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Classification and external resources
ICD-9-CM 273.8
OMIM 209300
DiseasesDB 29538

Atransferrinemia, also called familial hypotransferrinemia,[1] is an autosomal recessive[2] metabolic disorder in which there is an absence of transferrin, a plasma protein that transports iron through the blood.

Atransferrinemia is characterized by anemia and hemosiderosis in the heart and liver. The iron damage to the heart can lead to heart failure. The anemia is typically microcytic and hypochromic (the red blood cells are abnormally small and pale). Atransferrinemia is extremely rare, with only eight cases documented worldwide.[3]


Severe microcytic hypochromic anemia, growth retardation and recurrent infections are the first clinical signs of the disease. Iron overload occurs mainly in the liver, heart, pancreas, thyroid, kidney and bone joints, leading to mild to severe symptoms of liver and heart failure, arthropathy and hypothyroidism. Death may occur due to heart failure or pneumonia.[citation needed]


Atransferrinemia has an autosomal recessive pattern of inheritance, meaning both copies of the gene in each cell are defective.

A case study was done in 1961 on a 7-year-old girl who died of heart failure with atransferrinemia. The half-normal levels of transferrin in her parents' bloodstream supported the notion that this disorder is transferred in an autosomal recessive pattern.[4] Atransferrinemia was reported in only eight patients in six families as of the year 2000. A lack of scientific data and public outreach, however, have suggested that there is a higher number of current cases. Researchers used the first known case reported in the United States[5] and identified mutations in the TF gene as a probable cause of the disorder.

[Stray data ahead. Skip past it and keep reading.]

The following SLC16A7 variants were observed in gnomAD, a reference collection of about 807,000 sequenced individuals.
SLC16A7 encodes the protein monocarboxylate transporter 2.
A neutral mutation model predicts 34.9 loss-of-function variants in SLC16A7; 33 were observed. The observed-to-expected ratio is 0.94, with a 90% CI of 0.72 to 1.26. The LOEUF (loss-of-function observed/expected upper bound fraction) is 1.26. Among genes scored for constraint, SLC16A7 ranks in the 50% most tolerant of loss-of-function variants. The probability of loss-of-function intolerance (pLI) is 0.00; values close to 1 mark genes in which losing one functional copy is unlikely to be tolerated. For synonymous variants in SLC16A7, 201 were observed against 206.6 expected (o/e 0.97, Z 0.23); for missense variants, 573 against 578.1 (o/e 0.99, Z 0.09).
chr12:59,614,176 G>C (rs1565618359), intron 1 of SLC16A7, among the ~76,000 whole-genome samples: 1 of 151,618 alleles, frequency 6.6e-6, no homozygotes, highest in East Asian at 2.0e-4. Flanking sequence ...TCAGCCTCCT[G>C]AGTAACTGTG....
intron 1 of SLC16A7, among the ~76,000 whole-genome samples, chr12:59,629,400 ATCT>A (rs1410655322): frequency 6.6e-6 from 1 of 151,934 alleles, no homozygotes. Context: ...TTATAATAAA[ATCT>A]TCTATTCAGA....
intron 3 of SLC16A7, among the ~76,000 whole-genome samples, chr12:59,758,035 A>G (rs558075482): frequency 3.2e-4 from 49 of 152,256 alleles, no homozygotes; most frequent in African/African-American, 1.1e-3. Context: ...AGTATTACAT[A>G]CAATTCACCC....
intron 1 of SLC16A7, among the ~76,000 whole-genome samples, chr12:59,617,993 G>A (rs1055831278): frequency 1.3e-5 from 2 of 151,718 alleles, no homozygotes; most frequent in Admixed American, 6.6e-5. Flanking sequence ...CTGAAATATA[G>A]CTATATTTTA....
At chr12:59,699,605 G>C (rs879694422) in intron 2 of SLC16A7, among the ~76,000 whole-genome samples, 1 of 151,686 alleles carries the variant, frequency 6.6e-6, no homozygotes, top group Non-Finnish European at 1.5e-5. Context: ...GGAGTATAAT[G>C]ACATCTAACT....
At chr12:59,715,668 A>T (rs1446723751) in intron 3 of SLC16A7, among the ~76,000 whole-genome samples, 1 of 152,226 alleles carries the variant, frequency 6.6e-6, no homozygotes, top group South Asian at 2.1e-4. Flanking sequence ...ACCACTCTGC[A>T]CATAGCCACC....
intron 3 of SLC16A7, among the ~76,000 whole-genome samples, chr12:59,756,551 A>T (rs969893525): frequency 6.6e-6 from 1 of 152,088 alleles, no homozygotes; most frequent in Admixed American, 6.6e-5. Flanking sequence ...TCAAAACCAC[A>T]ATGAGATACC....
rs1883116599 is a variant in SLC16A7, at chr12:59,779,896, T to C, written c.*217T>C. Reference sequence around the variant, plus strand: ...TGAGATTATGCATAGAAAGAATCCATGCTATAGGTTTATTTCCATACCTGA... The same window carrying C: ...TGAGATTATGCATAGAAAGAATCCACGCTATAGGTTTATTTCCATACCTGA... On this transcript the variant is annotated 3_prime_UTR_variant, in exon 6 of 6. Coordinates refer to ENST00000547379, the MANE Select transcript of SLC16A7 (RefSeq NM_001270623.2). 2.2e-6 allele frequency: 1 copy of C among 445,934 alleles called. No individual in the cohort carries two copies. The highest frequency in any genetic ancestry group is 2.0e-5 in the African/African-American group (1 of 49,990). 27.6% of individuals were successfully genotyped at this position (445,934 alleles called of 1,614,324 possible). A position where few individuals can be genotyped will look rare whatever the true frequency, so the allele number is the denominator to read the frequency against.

Treatment with infusions of plasma or purified apotransferrin may stabilise or correct the anemia and growth defects.


  1. ^ Online 'Mendelian Inheritance in Man' (OMIM) 209300
  2. ^ Hamill, Rl; Woods, Jc; Cook, Ba (August 1991). "Congenital atransferrinemia. A case report and review of the literature". American journal of clinical pathology. 96 (2): 215–8. ISSN 0002-9173. PMID 1862777. 
  3. ^ Aslan, D; Crain, K; Beutler, E (2007). "A new case of human atransferrinemia with a previously undescribed mutation in the transferrin gene". Acta haematologica. 118 (4): 244–7. doi:10.1159/000112726. PMID 18097132. 
  4. ^ Heilmeyer, L; Keller, W; Vivell, O; Keiderling, W; Betke, K; Woehler, F; Schultze, He (September 1961). "Congenital atransferrinemia in a 7-year-old girl" (Free full text). Deutsche Medizinische Wochenschrift (in German). 86 (37): 1745–51. doi:10.1055/s-0028-1113001. ISSN 0012-0472. PMID 13906010.  Check date values in: |year= / |date= mismatch (help)
  5. ^ Beutler, E; Gelbart, T; Lee, P; Trevino, R; Fernandez, Ma; Fairbanks, Vf (15 December 2000). "Molecular characterization of a case of atransferrinemia" (Free full text). Blood. 96 (13): 4071–4. ISSN 0006-4971. PMID 11110675. 

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